Money and Banking Exam 3 Study Guide
Money and Banking Exam 3 Study Guide ECON 04305 - 1
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This 2 page Study Guide was uploaded by Nicole Rossi on Saturday April 30, 2016. The Study Guide belongs to ECON 04305 - 1 at Rowan University taught by Robert Ferrari in Spring 2016. Since its upload, it has received 81 views. For similar materials see Money and Banking in Economcs at Rowan University.
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Date Created: 04/30/16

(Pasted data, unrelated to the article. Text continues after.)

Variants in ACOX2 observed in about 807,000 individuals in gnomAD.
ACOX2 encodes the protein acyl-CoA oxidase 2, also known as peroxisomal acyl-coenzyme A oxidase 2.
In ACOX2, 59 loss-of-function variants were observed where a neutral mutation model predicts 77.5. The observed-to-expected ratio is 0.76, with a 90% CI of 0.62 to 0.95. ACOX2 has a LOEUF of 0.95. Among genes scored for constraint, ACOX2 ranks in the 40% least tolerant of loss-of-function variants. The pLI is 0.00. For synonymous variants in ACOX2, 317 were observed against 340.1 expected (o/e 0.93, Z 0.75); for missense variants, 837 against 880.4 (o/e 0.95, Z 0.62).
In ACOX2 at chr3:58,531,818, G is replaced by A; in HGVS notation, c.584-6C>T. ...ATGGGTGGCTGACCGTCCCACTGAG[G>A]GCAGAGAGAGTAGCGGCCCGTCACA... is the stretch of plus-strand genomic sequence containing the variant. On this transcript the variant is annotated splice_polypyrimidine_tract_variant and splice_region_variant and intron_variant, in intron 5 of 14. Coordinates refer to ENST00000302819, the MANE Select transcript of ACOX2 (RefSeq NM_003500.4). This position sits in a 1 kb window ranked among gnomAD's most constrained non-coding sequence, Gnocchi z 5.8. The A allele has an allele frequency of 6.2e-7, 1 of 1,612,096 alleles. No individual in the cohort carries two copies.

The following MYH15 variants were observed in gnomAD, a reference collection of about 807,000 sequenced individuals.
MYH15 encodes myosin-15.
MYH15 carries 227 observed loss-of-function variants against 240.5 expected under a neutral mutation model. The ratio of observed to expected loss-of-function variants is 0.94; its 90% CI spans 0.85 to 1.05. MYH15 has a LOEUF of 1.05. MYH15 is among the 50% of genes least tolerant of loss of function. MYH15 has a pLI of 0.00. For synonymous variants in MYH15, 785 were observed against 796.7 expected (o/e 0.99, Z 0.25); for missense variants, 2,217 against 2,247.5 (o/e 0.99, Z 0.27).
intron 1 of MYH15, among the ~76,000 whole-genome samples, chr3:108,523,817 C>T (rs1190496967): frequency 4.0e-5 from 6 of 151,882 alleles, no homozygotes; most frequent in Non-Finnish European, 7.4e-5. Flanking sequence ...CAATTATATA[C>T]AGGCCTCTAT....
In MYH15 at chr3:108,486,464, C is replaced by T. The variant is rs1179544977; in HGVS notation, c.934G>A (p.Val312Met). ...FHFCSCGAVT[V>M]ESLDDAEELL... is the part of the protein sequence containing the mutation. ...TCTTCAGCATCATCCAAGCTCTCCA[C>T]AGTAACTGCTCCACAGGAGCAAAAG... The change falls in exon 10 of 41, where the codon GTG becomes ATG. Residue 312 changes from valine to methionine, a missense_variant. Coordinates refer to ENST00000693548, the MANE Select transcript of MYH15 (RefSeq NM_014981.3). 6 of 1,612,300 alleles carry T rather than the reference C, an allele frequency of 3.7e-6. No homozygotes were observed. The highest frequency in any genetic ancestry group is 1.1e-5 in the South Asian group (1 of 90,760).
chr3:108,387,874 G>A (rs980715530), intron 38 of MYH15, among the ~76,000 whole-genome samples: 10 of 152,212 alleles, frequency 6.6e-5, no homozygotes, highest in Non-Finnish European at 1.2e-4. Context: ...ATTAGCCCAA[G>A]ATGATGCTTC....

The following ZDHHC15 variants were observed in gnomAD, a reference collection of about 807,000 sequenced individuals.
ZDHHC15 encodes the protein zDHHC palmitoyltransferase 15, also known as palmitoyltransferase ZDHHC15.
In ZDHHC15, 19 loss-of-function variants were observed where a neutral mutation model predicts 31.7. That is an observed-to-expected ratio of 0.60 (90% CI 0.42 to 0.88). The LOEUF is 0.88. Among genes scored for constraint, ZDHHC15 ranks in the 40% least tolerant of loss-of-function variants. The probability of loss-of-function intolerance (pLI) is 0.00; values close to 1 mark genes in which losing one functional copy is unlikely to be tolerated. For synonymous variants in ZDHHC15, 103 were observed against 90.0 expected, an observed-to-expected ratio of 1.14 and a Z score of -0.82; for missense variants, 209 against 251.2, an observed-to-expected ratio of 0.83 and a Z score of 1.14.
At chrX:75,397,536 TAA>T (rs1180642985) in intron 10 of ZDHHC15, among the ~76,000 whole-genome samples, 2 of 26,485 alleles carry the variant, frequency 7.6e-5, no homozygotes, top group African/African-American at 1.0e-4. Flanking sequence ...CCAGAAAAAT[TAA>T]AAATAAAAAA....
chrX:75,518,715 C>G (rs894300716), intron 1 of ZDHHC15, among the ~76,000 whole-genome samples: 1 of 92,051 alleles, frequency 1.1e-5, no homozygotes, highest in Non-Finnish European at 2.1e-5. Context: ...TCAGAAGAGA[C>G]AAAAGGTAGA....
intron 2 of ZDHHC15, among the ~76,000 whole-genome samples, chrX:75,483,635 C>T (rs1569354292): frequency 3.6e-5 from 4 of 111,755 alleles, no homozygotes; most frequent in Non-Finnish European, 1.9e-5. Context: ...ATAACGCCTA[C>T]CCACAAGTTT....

Money and Banking Study Guide for Exam 3 I: Factors influencing the shape of the yield curve: What are the risks? Liquidity of the investment Maturity- the further out, the higher the rate How does the tax law affect tax consideration? Inflation rate Sinking fund (insurance policy) II: History and Organization of Federal Reserve: Organization: There is a board of governors in Washington D.C, and then branches of Federal Reserve Banks in major cities like Boston, NY, Philadelphia, and Richmond. There are 12 of these, and each is a private corporation. Each of these banks is organized the same way. They have board of directors, presidents, etc. Membership in Federal Reserve is optional, if you are state chartered that is. If you join, you are obligated to invest 6% in your bank. Each bank only gets 1 vote, no matter how much stock you have. The Board of Directors: has 9 members, 3 class A members, who are bankers who are elected by bankers; 3 class B members, who can’t be bankers, but are elected by bankers; and 3 class C members, who can’t be bankers, but are appointed by the Board of Governors in D.C. The chair person must come from class C members. The Board of Governors: made up of 7 members, who are appointed by the U.S president with the approval of the Senate. They are appointed for 14 years, with non-renewable terms. They are from 7 different reserve districts. III: Functions of a Central Bank: Bankers Bank Fiscal Agent of U.S Treasury Bank Regulator Lender of Last Resort Regulator of Money Supply IV: Quantitative and Qualitative powers of Federal Reserve: Quantitative: macroeconomic, general, talk about Federal Reserve giving X amount of money and the market determines how it will be allocated o Powers: establish reserve requirements (base, percentage), administration of the discount window (rate, collateral), open market operation Qualitative: microeconomic, specific, aimed at specific market places o Powers: regulation ‘Q’, marginal requirements (G,T,U): regulate the amount of borrowing you can do on listed securities, lending to institutions, moral suasion V: Monetary vs. Fiscal Policy: Monetary: Federal Reserve has two options: monetary aggregate (M1, M2) or interest rate; Monetary policy is subject to lags Fiscal: US treasury has two options: tax or spend VI: Keynesian Monetarist View of Each: VII: Multiplier: 1/Reserve Requirement VIII: Taylor Rule/Guidance: Taylor Rule: Taylor was an economist at Stanford. He argues the argument, should monetary policy be automatic? Money supply should increase the same as the long term growth, and the GDP. The Federal Funds Rate= equilibrium F.F rate+W1(Y-Yt): GDP+W2(Pi-Pi(t)): Inflation Guidance: the chair has a press conference saying what they plan to do in the future. Guidance is part of moral suasion. IX: Liquidity Preference Theory: Refers to the demand for money, considered as liquidity. The concept was first developed by John Maynard Keynes, to explain determination of the interest rate by the supply and demand for money. X: Effectiveness of Monetary and Fiscal Policy: Fiscal: While fiscal policy has been used successfully during and after the Great Depression, the Keynesian theories were called into question in the 1980s after a long run of popularity. Monetarists, such as Milton Friedman, and supply-siders claimed that the ongoing government actions had not helped the country avoid the endless cycles of below average gross domestic product (GDP) expansion, recessions and gyrating interest rates. Monetary: A) since banks have a choice to lend out the excess reserves they have on hand from lower interest rates, they may just choose not to lend and B) Keynesians also believe that consumer demand for goods and services may not be related to the cost of capital to obtain theses goods. At different times in the economic cycle, this may or may not be true, but monetary policy has proven to have some influence and impact on the economy and equity and fixed income markets.
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